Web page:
Psychometrics is the science of measuring mental capacities and processes. While it is within the domain of psychology, it is interesting to note that economists and lawmakers publish a great deal of novel research in this area. Every single day, in courts all over the world, lawyers, judges, and juries not only decide who is right and who is wrong but must also decide how much mental anguish and suffering was caused by whom and to whom. Most importantly they have to decide what that anguish is worth in economic terms. Currently, this is all done subjectively. It is possible to imagine one day developing a standard psychometric scale to measure emotional anguish. We have a suggestion for that.
Psychological measurement is not easy because unlike the outer, physical world, the inner world is not so easy to measure objectively. For example, a piece of art can elicit as many responses as there are viewers of the art. Psychometrics is the scientific field concerned with the measurement of psychological variables such as happiness, intelligence, perceived emotional pain, etc. Psychometrics find application in areas such as hiring in the business world, student assessment in education, personality profiling and determination of mental health in psychiatry & psychological assessment, and sanity in criminal cases in law.
To turn art into a science, imagine taking the entire spectrum of human emotion and defining a new psychometric to it to produce a mapping that could unambiguously measure the degree of an emotion. What if we could all agree that X was worth 5 units of happiness while Y was worth 7.5 units of happiness? With our new systems of math, we can make that happen.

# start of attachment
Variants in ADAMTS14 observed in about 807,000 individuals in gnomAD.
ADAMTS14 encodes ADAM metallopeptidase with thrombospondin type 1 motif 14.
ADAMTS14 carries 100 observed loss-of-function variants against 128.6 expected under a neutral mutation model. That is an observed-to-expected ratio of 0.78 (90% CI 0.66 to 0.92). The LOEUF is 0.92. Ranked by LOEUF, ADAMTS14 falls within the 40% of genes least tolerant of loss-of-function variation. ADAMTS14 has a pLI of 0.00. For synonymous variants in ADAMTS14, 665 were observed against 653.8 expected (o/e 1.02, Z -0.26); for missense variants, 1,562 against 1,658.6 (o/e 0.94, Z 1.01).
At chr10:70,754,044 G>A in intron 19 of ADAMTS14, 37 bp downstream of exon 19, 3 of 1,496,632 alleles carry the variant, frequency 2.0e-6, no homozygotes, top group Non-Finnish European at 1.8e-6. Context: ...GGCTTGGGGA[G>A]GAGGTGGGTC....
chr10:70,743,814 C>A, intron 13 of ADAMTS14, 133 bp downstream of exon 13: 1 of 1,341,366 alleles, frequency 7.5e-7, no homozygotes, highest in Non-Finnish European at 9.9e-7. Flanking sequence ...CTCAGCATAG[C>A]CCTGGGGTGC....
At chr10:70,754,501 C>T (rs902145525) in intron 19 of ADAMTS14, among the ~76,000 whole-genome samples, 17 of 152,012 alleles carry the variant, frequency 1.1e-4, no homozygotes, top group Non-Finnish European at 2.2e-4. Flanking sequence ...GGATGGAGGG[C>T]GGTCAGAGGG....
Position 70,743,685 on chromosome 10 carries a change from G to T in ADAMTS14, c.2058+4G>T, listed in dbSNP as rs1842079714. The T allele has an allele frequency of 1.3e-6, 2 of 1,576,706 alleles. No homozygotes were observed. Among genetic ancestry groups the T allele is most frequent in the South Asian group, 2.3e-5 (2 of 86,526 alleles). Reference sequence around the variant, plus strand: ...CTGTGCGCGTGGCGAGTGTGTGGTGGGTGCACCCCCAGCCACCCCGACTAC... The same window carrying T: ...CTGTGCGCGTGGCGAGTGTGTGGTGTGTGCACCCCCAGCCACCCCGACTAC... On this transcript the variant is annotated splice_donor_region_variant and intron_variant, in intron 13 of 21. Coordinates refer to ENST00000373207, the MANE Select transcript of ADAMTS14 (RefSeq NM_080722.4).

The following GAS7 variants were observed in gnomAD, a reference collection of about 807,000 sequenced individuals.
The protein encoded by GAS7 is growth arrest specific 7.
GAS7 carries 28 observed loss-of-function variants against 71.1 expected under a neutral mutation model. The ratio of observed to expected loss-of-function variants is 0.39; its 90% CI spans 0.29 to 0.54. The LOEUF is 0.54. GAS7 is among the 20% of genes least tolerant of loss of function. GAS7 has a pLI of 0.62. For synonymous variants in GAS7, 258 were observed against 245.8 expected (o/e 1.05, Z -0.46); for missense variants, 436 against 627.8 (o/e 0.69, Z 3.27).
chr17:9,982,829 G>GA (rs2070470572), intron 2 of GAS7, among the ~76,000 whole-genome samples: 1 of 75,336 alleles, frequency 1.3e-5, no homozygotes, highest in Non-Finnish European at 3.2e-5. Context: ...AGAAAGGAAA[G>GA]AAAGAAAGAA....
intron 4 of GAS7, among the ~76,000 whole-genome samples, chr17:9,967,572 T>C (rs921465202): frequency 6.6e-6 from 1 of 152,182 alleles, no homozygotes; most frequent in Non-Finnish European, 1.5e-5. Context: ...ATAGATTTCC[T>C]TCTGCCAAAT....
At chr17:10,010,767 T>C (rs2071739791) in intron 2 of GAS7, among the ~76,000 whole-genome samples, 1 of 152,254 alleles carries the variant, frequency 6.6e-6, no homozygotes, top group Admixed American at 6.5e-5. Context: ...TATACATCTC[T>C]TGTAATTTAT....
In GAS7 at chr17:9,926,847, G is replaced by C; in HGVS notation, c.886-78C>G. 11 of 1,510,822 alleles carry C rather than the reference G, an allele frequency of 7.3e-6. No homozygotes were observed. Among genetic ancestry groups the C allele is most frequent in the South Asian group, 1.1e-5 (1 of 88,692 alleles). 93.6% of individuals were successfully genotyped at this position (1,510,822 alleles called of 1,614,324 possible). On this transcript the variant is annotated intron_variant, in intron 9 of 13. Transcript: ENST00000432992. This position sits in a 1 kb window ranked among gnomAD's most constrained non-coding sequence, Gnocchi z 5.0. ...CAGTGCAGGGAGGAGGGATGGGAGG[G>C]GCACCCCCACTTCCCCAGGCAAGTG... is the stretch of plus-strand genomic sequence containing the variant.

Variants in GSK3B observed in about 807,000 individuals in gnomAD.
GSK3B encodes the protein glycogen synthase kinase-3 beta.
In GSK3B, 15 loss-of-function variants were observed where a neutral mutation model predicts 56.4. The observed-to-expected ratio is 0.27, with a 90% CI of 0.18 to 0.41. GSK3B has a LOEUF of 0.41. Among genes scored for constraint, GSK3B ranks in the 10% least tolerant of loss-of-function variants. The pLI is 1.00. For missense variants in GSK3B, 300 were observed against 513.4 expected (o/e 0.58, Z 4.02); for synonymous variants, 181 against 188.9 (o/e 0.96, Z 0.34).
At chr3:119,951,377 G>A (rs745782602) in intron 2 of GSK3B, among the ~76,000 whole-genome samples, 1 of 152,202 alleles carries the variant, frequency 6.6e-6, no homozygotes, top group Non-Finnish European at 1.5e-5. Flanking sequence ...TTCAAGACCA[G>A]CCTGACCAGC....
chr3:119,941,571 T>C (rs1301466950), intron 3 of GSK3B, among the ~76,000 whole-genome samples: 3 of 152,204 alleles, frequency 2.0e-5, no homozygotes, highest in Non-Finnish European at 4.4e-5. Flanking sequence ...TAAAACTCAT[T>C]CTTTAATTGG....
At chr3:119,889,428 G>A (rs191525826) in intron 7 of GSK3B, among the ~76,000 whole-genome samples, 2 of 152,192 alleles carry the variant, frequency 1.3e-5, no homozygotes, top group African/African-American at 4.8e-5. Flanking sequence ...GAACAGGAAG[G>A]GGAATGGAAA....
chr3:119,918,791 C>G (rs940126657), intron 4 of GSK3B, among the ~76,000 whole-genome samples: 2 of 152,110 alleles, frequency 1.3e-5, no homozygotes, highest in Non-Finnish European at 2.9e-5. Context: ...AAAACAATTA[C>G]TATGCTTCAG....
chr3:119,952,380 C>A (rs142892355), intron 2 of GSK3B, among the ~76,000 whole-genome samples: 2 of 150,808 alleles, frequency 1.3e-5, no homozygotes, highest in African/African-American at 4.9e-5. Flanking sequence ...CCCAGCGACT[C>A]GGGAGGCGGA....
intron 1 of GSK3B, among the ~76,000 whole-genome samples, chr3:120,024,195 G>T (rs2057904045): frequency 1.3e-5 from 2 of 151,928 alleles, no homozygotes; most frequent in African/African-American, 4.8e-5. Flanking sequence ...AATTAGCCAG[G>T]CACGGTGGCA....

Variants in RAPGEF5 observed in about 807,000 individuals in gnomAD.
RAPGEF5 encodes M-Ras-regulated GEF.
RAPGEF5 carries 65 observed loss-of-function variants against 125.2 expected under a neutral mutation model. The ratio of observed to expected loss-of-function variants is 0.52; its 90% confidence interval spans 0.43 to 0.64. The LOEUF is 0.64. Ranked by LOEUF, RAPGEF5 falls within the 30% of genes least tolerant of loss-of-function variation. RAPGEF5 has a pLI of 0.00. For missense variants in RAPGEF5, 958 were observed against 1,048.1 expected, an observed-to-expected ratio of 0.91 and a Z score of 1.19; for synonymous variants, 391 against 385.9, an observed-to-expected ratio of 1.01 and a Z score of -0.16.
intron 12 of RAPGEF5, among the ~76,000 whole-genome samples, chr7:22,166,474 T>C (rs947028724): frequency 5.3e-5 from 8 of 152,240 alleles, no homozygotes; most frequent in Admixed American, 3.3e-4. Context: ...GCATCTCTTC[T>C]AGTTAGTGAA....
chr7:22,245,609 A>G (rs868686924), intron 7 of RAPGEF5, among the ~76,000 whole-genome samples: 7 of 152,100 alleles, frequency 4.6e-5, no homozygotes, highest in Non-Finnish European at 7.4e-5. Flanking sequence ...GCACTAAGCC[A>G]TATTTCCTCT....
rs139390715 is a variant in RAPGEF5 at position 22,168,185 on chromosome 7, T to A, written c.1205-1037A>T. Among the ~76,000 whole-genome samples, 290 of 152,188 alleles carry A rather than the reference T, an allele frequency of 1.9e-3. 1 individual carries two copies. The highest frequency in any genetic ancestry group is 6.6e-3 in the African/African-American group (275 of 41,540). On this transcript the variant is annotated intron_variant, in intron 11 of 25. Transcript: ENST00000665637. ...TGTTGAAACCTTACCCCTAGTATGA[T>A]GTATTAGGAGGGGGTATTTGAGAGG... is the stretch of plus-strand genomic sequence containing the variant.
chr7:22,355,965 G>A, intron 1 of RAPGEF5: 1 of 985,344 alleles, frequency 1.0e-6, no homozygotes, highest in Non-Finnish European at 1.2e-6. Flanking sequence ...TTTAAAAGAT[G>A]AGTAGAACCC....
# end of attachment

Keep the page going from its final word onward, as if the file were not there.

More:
The math that can provide a way to convert intangibles to tangibles in many areas, including psychometric measurements is novel application of 6D derived power laws. By developing a way to improve the objectivity of psychometric measurements, we can effectively transform what was once vague intuition to a measurable and standardized variable which rational decisions can be based upon. Using the 6D spacetime mathematics, Teeple & Himann have identified new application areas where an objective scale of emotional pain and suffering can have important impacts. Such a scale can be used to implement a more objective financial compensation methodology in court cases and insurance claims. It can also be used to determine if goods or services reach minimum customer satisfaction levels, or the effectiveness of advertising in the feelings it evokes in its audience. Our objective in developing such laws is, of course, to convert the intangible qualities of intuition into tangible ones and develop a psychometric tool that can improve the function of democracy.